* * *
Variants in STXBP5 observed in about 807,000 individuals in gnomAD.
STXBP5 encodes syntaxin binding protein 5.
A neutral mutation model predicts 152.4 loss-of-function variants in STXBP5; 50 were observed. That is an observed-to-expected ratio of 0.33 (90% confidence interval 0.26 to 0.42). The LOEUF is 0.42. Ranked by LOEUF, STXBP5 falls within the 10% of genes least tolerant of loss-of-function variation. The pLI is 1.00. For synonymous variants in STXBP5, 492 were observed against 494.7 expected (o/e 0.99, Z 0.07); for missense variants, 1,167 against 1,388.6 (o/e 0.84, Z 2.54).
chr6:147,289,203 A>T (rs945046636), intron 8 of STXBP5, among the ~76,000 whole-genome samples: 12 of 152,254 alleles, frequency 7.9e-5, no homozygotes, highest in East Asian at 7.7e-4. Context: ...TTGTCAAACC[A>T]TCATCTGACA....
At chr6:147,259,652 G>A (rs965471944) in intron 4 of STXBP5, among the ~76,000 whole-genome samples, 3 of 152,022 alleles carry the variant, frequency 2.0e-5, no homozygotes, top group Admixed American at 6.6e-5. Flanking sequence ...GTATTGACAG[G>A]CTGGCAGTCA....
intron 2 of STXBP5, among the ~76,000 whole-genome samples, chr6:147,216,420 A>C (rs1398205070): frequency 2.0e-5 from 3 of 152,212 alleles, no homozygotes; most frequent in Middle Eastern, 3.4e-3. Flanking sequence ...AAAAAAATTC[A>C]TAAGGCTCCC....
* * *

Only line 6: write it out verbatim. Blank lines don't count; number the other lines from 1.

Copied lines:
intron 2 of STXBP5, among the ~76,000 whole-genome samples, chr6:147,216,420 A>C (rs1398205070): frequency 2.0e-5 from 3 of 152,212 alleles, no homozygotes; most frequent in Middle Eastern, 3.4e-3. Flanking sequence ...AAAAAAATTC[A>C]TAAGGCTCCC....